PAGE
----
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Nearly 25 years after their inception, Art-o-mat machines remind us how important art is to humankind.

Nearly 25 years after their inception, Art-o-mat machines remind us how important art is to humankind.

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Twenty-three years into his project of converting old cigarette vending machines into dispensers of tiny pieces of original art — called Art-o-mats — Clark Whittington, founder of Artists in Cellophane, is more convinced than ever of the valuable role art plays in our lives and communities.

“Art is the most necessary unnecessary thing our culture has,” he says.

Whittington stumbled into this business in 1997 when he held an art show at Penny Universitie (a café in Winston-Salem) that included a converted vending machine dispensing black and white photos for $1. The idea was inspired by a friend who mentioned that just the crinkle of cellophane made him want to visit the nearest vending machine for a snack or some cigarettes. When the owner of the café asked to keep the machine, he enlisted various local artists to supply the tiny art.

Today, about 400 artists from 10 different countries supply art for around 170 Art-o-mat machines throughout the country. In 2018 alone, 93,000 pieces were sold.

“That’s a lot of positive interactions,” Whittington says. “Art-o-mat has reached people and helped them make art part of their lives. That’s our core mission: getting art into people’s hands and making it affordable. I’m really happy knowing these pieces are out there making a difference.”

Inspiration for trying times

Since he began working full-time on Art-o-mat in 2003, Whittington has looked for ways to expand. From adding new artists — “they bring new energy to the project,” he says — to finding and refurbishing new machines to creating art that can be delivered right to your door with his Art-o-cartons, he works to sustain and add to the business every day.

This year’s pandemic has slowed business down, as some venues that host machines have been closed, but Whittington is happy to say that he hasn’t laid off any employees. Some machines, like the ones at Ballad Brewing in Danville, Virginia, and Whole Foods in Winston-Salem, are doing brisk business; Art-o-cartons — including the Movie Night Limited Edition with art that was to be sold at RiverRun International Film Festival — have revitalized the business while bringing a pick-me-up to people spending a lot more time at home.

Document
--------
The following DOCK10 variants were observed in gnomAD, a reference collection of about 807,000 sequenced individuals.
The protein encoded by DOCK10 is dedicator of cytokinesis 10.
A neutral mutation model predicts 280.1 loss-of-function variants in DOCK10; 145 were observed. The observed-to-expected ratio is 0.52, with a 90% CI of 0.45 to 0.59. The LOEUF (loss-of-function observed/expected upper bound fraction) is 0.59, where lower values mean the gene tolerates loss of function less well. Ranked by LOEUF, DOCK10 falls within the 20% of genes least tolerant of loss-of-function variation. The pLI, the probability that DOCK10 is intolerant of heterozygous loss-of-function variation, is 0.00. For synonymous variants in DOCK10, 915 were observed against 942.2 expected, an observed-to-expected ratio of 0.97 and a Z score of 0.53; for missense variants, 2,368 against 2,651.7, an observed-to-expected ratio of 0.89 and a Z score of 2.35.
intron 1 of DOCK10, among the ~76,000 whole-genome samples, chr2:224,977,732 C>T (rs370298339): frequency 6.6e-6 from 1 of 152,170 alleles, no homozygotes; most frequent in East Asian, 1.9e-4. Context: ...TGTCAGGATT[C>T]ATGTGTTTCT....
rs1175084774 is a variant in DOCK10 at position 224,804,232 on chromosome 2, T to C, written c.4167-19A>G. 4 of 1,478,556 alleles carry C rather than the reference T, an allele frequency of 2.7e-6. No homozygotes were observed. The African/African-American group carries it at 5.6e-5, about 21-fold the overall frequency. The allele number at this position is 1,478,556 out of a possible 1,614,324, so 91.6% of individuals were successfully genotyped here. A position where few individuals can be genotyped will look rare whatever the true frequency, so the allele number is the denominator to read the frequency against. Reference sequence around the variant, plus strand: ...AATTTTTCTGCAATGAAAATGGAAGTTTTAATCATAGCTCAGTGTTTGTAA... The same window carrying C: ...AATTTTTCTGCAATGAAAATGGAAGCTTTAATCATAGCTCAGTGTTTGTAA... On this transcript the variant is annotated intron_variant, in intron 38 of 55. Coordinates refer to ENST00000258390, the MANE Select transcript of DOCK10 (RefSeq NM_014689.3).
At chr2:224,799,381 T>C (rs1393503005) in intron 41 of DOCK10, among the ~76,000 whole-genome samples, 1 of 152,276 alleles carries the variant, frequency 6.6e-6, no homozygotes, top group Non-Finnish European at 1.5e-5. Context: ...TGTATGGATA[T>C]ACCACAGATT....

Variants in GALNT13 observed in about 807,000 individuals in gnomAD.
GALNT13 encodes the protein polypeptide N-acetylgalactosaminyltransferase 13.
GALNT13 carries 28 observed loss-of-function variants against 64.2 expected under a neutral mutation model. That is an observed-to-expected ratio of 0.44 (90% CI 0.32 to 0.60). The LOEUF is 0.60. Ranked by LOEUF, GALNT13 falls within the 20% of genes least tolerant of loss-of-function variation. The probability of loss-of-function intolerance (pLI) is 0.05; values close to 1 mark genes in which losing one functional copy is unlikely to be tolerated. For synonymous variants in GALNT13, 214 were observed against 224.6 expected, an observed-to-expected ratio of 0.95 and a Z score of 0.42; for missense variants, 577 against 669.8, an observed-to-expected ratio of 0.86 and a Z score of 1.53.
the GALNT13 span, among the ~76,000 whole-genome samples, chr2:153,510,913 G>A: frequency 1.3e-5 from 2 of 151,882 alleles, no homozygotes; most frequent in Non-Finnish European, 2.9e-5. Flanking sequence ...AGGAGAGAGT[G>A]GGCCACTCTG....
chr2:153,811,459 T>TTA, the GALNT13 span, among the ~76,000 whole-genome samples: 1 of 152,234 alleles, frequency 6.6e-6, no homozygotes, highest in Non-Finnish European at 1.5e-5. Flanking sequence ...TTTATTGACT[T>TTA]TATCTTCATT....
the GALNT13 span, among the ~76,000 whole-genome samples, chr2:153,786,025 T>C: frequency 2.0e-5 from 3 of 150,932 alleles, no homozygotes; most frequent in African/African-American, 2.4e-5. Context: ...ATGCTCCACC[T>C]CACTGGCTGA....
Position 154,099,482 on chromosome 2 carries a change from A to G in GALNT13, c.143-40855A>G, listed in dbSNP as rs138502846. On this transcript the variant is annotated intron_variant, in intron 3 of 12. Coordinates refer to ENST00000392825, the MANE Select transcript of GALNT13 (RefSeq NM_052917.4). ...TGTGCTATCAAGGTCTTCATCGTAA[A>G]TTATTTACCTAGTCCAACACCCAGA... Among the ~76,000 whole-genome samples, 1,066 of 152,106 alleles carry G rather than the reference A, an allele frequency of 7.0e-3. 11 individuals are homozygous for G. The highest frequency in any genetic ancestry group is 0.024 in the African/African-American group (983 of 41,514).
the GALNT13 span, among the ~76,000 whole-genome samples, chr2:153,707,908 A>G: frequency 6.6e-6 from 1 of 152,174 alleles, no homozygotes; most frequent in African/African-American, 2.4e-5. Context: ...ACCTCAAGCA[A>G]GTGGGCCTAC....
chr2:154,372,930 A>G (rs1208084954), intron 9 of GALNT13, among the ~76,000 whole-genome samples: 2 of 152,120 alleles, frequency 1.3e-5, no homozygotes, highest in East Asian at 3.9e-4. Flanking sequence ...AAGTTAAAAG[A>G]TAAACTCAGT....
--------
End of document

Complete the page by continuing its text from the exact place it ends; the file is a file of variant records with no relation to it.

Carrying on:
“Art plays a huge role in difficult times,” Whittington says. “Psychologically you need to be engaged and have things capture your imagination and have fresh ideas. Art can be something that connects spiritually and really enriches your life.”

And his contributing artists have not let their extra time go to waste.

“Artists have used the downtime to load us up with art,” he says. “They’ve used this time to create.”

The transformative power of art

More than two decades have passed since Whittington created that first Art-o-mat, and it’s still fresh and exciting to him.

“I consider what we do as patriotic,” he says. “Our culture is based on ideas and we need to stay focused on that. We need to ask how we can keep moving forward. Art is on the leading edge of that. Art, music, writing, these are the things we as Americans, as humans, are good at. We create.”

Whittington is proud that people are buying and living with the handmade pieces of art he is privileged to introduce to the world.

“There is a stigma of art being only for the elite,” he says. “We have introduced many people to art who don’t always get a chance to own original art. That’s powerful.”

In fact, one person who bought her first piece of art just five years ago is now hosting an Art-o-mat machine herself. The positive energy continues to flow.

And the artists he represents feel good about being part of this project.

“They get it. They understand that it’s about distribution and positive reach. That’s what keeps me going every day. The core mission is there without all the crazy pressures of the world we live in,” Whittington says. “It’s truly about the art, the connection between the artist, and the person who buys it.”

That connection is keenly felt in times like these, and Whittington hopes that people will continue to seek solace in beauty and creativity. And he hopes Art-o-mat host venues will weather this season and reopen their doors soon.

As for the host of that first Art-o-mat, it’s changed hands a few times: Penny Universitie then Mary’s Of Course, and Mary’s Gourmet Diner, and now is a part of Mojito Latin Soul Food. But the Art-o-mat continues to remind us that, no matter how many changes come our way, creativity can carry us into a brighter and more vibrant future.

“If you want to experience something that gives a positive response, that is what art can do,” Whittington says. “It doesn’t have to do anything other than exist.”

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